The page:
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Ichthyosis vulgaris: Overview

Ichthyosis is a group of skin diseases that causes extremely dry, thick, and scaly skin. The skin often looks like it has fish scales.

There are more than 20 different types of ichthyosis. The most common type is ichthyosis vulgaris. About 95% of people who develop ichthyosis get this type.

Ichthyosis vulgaris

The skin cells build up, causing thick flakes that can resemble fish scales.

Ichthyosis vulgaris on arm

The other types are rare and include harlequin ichthyosis, lamellar type, and x-linked ichthyosis.

Of all the types, ichthyosis vulgaris is the mildest. It often begins in childhood.

Children usually develop it when they inherit a gene(s) for the disease from one or both parents. A parent doesn’t have to have the disease to pass on these genes. Because it is passed through the genes, this type is called inherited ichthyosis vulgaris.

Adults can also develop ichthyosis vulgaris, but this is rare. Adults get acquired ichthyosis vulgaris. It’s called “acquired” because you get it when a disease or medicine that you’re taking causes ichthyosis to develop. Diseases that can trigger this type of ichthyosis include kidney failure, some cancers, and human immunodeficiency virus (HIV).

Whether ichthyosis vulgaris begins in a child or adult, it can be so mild that is mistaken for extremely dry skin. Many people never realize they have ichthyosis because applying moisturizer keeps their skin free of scale.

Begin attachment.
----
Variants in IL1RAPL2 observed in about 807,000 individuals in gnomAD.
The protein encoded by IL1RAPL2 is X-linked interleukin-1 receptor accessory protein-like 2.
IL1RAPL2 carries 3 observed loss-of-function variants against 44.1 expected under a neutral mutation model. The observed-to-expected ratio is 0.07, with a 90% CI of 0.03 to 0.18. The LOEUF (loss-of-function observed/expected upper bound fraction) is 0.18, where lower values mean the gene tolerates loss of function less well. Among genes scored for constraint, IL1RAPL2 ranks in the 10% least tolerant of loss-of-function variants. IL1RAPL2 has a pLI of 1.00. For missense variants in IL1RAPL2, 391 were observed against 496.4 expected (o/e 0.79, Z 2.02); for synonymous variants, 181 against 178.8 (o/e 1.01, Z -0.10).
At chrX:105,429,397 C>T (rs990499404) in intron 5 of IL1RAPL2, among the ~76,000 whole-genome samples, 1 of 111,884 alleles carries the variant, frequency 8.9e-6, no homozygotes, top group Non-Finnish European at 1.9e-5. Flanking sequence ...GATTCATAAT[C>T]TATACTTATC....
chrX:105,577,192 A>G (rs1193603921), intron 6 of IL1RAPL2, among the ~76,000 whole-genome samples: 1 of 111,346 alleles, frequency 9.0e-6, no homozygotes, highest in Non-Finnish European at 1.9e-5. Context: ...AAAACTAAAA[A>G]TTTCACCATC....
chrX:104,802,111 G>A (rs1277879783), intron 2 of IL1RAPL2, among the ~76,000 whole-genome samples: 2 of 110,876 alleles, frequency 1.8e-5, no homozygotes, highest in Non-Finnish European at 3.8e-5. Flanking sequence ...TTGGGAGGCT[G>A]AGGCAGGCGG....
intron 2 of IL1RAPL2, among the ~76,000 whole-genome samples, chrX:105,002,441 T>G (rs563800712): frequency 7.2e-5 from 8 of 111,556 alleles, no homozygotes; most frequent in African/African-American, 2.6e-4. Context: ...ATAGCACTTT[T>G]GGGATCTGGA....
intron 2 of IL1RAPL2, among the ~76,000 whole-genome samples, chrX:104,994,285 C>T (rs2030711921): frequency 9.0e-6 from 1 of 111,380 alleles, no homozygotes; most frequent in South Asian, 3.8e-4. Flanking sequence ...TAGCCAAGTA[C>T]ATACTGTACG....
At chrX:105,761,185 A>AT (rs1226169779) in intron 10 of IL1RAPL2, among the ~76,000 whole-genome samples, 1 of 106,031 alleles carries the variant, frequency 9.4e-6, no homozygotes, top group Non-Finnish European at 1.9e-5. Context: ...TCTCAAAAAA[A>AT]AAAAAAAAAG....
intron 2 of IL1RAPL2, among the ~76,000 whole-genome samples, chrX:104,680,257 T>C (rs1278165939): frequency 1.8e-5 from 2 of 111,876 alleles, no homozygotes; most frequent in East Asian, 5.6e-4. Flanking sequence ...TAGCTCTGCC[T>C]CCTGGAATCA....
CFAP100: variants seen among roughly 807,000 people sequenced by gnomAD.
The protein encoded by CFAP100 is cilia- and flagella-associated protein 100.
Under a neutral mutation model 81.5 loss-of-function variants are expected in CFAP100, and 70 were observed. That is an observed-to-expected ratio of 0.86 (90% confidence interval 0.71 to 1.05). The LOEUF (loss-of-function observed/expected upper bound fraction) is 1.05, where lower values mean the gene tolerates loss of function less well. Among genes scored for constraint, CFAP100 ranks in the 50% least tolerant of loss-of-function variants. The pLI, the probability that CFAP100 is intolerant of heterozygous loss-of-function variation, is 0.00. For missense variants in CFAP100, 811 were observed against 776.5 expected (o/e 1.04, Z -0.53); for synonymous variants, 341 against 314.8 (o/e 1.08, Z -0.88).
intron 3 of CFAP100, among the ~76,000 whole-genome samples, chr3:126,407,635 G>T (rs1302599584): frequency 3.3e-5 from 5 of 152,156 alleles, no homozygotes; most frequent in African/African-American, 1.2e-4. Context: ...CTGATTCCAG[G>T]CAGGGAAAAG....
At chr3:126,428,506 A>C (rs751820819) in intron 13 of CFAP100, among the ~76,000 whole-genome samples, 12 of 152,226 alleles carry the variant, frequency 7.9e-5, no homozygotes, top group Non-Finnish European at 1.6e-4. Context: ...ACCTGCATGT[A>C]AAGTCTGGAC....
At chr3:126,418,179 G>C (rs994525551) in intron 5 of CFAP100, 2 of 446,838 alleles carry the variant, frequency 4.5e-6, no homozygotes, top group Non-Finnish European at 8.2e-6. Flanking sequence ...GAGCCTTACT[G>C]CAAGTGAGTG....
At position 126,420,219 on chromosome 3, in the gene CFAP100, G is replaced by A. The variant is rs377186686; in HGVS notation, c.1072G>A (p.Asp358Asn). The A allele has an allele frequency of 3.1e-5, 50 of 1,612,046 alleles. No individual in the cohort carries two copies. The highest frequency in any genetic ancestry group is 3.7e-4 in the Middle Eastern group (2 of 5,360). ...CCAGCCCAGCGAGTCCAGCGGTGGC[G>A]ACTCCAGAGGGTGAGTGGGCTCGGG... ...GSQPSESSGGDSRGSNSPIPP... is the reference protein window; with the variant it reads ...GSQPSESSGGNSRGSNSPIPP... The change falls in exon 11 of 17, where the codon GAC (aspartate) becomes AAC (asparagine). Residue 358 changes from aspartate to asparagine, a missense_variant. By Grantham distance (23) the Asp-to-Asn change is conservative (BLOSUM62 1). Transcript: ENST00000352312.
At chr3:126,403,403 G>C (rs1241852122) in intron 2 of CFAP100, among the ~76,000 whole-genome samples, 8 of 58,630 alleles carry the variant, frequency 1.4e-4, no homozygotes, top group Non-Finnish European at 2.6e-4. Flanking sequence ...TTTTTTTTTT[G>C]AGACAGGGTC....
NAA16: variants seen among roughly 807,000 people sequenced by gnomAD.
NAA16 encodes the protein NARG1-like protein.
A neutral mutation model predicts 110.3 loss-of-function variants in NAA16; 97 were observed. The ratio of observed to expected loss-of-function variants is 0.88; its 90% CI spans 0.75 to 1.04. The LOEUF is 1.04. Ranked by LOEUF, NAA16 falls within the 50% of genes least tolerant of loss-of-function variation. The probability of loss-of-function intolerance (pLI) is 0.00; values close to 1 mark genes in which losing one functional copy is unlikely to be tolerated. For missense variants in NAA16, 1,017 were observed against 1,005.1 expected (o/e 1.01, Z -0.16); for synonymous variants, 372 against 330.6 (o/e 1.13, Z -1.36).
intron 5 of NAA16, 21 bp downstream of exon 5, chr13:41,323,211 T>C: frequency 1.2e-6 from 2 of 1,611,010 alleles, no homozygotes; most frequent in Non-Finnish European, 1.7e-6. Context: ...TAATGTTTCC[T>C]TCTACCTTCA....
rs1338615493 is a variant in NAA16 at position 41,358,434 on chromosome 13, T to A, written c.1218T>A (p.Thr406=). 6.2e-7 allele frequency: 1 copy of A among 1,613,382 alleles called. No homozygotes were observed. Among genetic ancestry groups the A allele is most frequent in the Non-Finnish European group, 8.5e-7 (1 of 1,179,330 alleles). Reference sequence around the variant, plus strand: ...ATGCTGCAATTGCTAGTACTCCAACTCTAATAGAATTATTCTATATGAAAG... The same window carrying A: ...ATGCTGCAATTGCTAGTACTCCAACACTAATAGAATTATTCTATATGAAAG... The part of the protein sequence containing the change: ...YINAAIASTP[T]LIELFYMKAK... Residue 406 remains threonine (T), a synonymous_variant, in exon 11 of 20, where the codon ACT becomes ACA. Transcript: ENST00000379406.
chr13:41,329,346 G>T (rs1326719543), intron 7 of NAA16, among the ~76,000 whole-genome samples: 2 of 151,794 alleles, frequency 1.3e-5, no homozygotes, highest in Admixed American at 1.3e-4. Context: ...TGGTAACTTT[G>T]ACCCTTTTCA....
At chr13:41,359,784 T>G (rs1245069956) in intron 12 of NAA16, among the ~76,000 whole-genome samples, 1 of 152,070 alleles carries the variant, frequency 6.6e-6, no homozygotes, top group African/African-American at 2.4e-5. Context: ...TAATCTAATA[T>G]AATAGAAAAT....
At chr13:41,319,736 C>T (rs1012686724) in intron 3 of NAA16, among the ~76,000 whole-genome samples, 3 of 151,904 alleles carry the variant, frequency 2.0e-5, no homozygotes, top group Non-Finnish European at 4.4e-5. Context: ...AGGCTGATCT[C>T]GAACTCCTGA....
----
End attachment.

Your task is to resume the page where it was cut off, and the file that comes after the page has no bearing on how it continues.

Is ichthyosis vulgaris contagious?

Ichthyosis isn’t contagious, so you cannot catch it from someone.

When to see a dermatologist

If applying moisturizer twice a day fails to get rid of the scaly skin, you should see a board-certified dermatologist to find out if you have ichthyosis or another skin condition.

Image used with permission of Journal of the American Academy of Dermatology: J Am Acad Dermatol. 2006; 55:647-56.

Fleckman P and DiGiovanna JJ. “The ichthyoses.” In: Wolff K, Goldsmith LA, et al. Fitzpatrick’s Dermatology in General Medicine (seventh edition). McGraw Hill Medical, New York, 2008:401-424.

James WD, Berger TG, et al. “Genodermatoses and congenital anomalies.” In: James WD, Berger TG, et al. Andrews' Diseases of the Skin, Clinical Dermatology (tenth edition), Elsevier, Canada, 2006:560-1.

Richard G and Ringpfeil F. “Ichthyoses, erythrokeratodermas, and related disorders.” In: Bolognia JL, et al. Dermatology. (second edition). Mosby Elsevier, Spain, 2008:743-9.

Schwartz RA. “Hereditary and acquired ichthyosis vulgaris.” In: Elston DM, (chief editor) Medscape. Last updated June 22, 2016.